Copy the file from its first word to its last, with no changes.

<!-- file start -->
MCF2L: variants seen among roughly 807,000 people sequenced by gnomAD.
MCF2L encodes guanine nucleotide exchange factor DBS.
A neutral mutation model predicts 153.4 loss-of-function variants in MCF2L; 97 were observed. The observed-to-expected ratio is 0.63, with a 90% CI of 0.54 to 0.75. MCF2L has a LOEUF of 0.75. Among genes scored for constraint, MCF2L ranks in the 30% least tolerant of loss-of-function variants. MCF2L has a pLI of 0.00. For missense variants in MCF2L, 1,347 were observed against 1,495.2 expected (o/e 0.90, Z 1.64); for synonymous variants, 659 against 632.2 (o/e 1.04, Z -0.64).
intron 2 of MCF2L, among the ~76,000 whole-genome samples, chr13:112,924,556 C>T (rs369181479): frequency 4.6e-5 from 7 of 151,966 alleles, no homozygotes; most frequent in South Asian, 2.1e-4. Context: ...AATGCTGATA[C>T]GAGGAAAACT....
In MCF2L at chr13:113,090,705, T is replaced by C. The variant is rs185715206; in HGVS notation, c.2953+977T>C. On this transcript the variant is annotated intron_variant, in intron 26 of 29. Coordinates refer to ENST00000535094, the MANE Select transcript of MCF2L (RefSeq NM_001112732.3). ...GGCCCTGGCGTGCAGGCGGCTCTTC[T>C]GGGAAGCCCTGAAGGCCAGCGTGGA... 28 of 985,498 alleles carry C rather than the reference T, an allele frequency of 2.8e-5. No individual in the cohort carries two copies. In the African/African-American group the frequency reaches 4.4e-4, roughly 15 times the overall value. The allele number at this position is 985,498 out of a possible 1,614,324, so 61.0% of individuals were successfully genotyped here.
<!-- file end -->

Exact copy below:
MCF2L: variants seen among roughly 807,000 people sequenced by gnomAD.
MCF2L encodes guanine nucleotide exchange factor DBS.
A neutral mutation model predicts 153.4 loss-of-function variants in MCF2L; 97 were observed. The observed-to-expected ratio is 0.63, with a 90% CI of 0.54 to 0.75. MCF2L has a LOEUF of 0.75. Among genes scored for constraint, MCF2L ranks in the 30% least tolerant of loss-of-function variants. MCF2L has a pLI of 0.00. For missense variants in MCF2L, 1,347 were observed against 1,495.2 expected (o/e 0.90, Z 1.64); for synonymous variants, 659 against 632.2 (o/e 1.04, Z -0.64).
intron 2 of MCF2L, among the ~76,000 whole-genome samples, chr13:112,924,556 C>T (rs369181479): frequency 4.6e-5 from 7 of 151,966 alleles, no homozygotes; most frequent in South Asian, 2.1e-4. Context: ...AATGCTGATA[C>T]GAGGAAAACT....
In MCF2L at chr13:113,090,705, T is replaced by C. The variant is rs185715206; in HGVS notation, c.2953+977T>C. On this transcript the variant is annotated intron_variant, in intron 26 of 29. Coordinates refer to ENST00000535094, the MANE Select transcript of MCF2L (RefSeq NM_001112732.3). ...GGCCCTGGCGTGCAGGCGGCTCTTC[T>C]GGGAAGCCCTGAAGGCCAGCGTGGA... 28 of 985,498 alleles carry C rather than the reference T, an allele frequency of 2.8e-5. No individual in the cohort carries two copies. In the African/African-American group the frequency reaches 4.4e-4, roughly 15 times the overall value. The allele number at this position is 985,498 out of a possible 1,614,324, so 61.0% of individuals were successfully genotyped here.